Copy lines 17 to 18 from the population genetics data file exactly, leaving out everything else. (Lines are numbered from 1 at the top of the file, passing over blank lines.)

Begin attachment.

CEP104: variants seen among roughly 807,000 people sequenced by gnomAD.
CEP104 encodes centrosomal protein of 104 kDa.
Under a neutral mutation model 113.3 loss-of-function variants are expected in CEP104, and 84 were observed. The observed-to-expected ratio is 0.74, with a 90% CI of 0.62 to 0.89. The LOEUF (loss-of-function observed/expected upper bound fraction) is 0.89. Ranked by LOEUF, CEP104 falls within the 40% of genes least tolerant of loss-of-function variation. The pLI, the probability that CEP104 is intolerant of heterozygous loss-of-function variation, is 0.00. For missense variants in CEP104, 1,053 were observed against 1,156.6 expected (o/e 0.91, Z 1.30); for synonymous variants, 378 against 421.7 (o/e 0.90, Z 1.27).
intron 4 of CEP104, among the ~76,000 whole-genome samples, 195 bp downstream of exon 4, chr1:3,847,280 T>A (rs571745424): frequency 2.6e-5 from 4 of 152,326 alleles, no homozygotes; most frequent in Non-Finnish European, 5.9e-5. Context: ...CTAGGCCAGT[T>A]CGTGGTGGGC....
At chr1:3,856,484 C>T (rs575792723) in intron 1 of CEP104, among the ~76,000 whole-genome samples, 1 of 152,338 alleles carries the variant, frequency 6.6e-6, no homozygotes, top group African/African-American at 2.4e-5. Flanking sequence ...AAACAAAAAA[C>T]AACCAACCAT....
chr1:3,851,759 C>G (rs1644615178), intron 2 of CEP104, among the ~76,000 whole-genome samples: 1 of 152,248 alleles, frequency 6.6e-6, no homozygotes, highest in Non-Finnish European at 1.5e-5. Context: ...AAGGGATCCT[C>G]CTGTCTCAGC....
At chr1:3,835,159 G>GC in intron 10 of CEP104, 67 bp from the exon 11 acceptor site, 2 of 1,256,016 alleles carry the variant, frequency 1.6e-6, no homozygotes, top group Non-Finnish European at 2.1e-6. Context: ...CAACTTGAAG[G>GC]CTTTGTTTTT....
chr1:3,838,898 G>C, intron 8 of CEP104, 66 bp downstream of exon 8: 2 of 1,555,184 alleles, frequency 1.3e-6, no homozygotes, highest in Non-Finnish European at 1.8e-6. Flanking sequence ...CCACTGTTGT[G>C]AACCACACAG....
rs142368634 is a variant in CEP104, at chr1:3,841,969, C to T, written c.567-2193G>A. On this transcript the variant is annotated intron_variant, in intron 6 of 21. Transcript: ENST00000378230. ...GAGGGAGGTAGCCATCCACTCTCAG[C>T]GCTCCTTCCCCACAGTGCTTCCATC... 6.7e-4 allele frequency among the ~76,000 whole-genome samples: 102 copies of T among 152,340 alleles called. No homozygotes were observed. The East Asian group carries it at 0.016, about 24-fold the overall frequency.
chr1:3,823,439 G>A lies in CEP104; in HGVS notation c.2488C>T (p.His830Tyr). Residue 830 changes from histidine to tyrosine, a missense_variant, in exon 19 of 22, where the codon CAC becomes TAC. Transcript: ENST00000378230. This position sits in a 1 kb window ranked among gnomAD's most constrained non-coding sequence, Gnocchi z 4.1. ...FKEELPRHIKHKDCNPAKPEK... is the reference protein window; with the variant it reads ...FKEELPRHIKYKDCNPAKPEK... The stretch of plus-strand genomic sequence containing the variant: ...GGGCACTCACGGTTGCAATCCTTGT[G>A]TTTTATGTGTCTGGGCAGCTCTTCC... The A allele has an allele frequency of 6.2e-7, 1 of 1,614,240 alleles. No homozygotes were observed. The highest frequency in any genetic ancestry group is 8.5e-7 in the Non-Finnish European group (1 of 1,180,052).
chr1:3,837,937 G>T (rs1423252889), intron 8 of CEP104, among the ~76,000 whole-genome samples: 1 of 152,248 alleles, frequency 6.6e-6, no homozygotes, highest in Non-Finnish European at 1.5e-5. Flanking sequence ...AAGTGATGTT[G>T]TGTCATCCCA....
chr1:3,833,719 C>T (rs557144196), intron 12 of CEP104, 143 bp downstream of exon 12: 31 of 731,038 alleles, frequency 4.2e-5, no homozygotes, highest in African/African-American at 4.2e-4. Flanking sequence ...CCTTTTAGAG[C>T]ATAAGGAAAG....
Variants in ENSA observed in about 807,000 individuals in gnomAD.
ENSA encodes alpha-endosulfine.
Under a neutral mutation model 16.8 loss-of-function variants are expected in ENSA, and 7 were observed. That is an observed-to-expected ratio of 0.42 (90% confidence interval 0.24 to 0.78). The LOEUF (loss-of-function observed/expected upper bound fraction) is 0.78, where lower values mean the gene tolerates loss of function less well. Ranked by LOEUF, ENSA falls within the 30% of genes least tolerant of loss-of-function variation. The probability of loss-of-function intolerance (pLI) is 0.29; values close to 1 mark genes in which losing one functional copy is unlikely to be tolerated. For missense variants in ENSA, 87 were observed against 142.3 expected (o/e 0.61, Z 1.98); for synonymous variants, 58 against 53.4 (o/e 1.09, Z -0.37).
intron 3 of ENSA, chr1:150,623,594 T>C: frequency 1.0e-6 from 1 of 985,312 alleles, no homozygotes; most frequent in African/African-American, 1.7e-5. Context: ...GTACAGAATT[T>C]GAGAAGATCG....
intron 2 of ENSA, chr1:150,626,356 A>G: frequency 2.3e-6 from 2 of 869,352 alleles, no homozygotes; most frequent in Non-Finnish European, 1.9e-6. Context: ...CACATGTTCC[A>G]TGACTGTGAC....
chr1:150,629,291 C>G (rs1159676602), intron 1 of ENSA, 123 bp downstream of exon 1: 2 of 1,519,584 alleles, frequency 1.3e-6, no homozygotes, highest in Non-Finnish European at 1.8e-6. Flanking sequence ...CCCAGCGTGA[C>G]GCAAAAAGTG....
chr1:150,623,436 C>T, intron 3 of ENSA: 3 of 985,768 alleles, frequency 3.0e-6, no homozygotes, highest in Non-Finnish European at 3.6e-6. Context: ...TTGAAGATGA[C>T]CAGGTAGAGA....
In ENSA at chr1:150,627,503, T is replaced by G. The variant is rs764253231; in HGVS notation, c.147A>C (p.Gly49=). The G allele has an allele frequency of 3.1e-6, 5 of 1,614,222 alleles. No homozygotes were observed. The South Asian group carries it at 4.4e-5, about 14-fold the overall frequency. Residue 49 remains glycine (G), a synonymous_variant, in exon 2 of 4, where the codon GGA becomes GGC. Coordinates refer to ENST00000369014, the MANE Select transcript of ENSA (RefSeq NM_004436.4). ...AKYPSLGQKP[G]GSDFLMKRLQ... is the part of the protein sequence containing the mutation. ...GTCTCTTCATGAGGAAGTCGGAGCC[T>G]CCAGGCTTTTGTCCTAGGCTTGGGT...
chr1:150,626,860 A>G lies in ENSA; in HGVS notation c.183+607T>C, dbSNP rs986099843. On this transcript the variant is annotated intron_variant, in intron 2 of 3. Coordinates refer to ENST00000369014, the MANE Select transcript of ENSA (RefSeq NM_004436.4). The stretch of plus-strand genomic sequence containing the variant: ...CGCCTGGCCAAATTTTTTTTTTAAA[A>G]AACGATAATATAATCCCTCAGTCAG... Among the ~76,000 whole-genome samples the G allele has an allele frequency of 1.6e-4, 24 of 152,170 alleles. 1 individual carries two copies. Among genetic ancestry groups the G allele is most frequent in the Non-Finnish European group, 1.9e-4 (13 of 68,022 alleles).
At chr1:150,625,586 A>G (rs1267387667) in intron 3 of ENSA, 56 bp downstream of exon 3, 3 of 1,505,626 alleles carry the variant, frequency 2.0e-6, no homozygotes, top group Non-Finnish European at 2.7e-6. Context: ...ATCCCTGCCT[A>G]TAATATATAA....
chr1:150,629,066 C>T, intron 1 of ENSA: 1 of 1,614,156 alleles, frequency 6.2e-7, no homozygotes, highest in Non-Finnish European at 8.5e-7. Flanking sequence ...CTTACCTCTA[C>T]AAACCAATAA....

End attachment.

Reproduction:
intron 2 of ENSA, chr1:150,626,356 A>G: frequency 2.3e-6 from 2 of 869,352 alleles, no homozygotes; most frequent in Non-Finnish European, 1.9e-6. Context: ...CACATGTTCC[A>G]TGACTGTGAC....
chr1:150,629,291 C>G (rs1159676602), intron 1 of ENSA, 123 bp downstream of exon 1: 2 of 1,519,584 alleles, frequency 1.3e-6, no homozygotes, highest in Non-Finnish European at 1.8e-6. Flanking sequence ...CCCAGCGTGA[C>G]GCAAAAAGTG....